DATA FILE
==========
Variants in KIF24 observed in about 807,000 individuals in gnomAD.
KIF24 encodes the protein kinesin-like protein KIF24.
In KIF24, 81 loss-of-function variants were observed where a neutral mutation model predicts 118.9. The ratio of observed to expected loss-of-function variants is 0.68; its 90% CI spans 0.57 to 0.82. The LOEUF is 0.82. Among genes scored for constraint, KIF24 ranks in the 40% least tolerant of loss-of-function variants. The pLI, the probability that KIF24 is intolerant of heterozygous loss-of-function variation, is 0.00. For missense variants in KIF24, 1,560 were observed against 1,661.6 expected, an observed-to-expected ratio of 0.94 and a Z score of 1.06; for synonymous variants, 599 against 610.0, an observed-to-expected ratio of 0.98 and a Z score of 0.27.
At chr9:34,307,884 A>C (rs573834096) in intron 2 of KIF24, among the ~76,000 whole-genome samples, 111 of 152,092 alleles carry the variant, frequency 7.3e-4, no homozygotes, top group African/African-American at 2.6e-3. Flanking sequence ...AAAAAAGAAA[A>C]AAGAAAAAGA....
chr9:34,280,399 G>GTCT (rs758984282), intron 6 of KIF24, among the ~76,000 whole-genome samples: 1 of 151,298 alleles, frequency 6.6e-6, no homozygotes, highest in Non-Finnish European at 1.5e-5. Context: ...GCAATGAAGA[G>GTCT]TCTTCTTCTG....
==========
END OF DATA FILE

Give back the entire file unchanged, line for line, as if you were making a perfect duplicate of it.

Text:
Variants in KIF24 observed in about 807,000 individuals in gnomAD.
KIF24 encodes the protein kinesin-like protein KIF24.
In KIF24, 81 loss-of-function variants were observed where a neutral mutation model predicts 118.9. The ratio of observed to expected loss-of-function variants is 0.68; its 90% CI spans 0.57 to 0.82. The LOEUF is 0.82. Among genes scored for constraint, KIF24 ranks in the 40% least tolerant of loss-of-function variants. The pLI, the probability that KIF24 is intolerant of heterozygous loss-of-function variation, is 0.00. For missense variants in KIF24, 1,560 were observed against 1,661.6 expected, an observed-to-expected ratio of 0.94 and a Z score of 1.06; for synonymous variants, 599 against 610.0, an observed-to-expected ratio of 0.98 and a Z score of 0.27.
At chr9:34,307,884 A>C (rs573834096) in intron 2 of KIF24, among the ~76,000 whole-genome samples, 111 of 152,092 alleles carry the variant, frequency 7.3e-4, no homozygotes, top group African/African-American at 2.6e-3. Flanking sequence ...AAAAAAGAAA[A>C]AAGAAAAAGA....
chr9:34,280,399 G>GTCT (rs758984282), intron 6 of KIF24, among the ~76,000 whole-genome samples: 1 of 151,298 alleles, frequency 6.6e-6, no homozygotes, highest in Non-Finnish European at 1.5e-5. Context: ...GCAATGAAGA[G>GTCT]TCTTCTTCTG....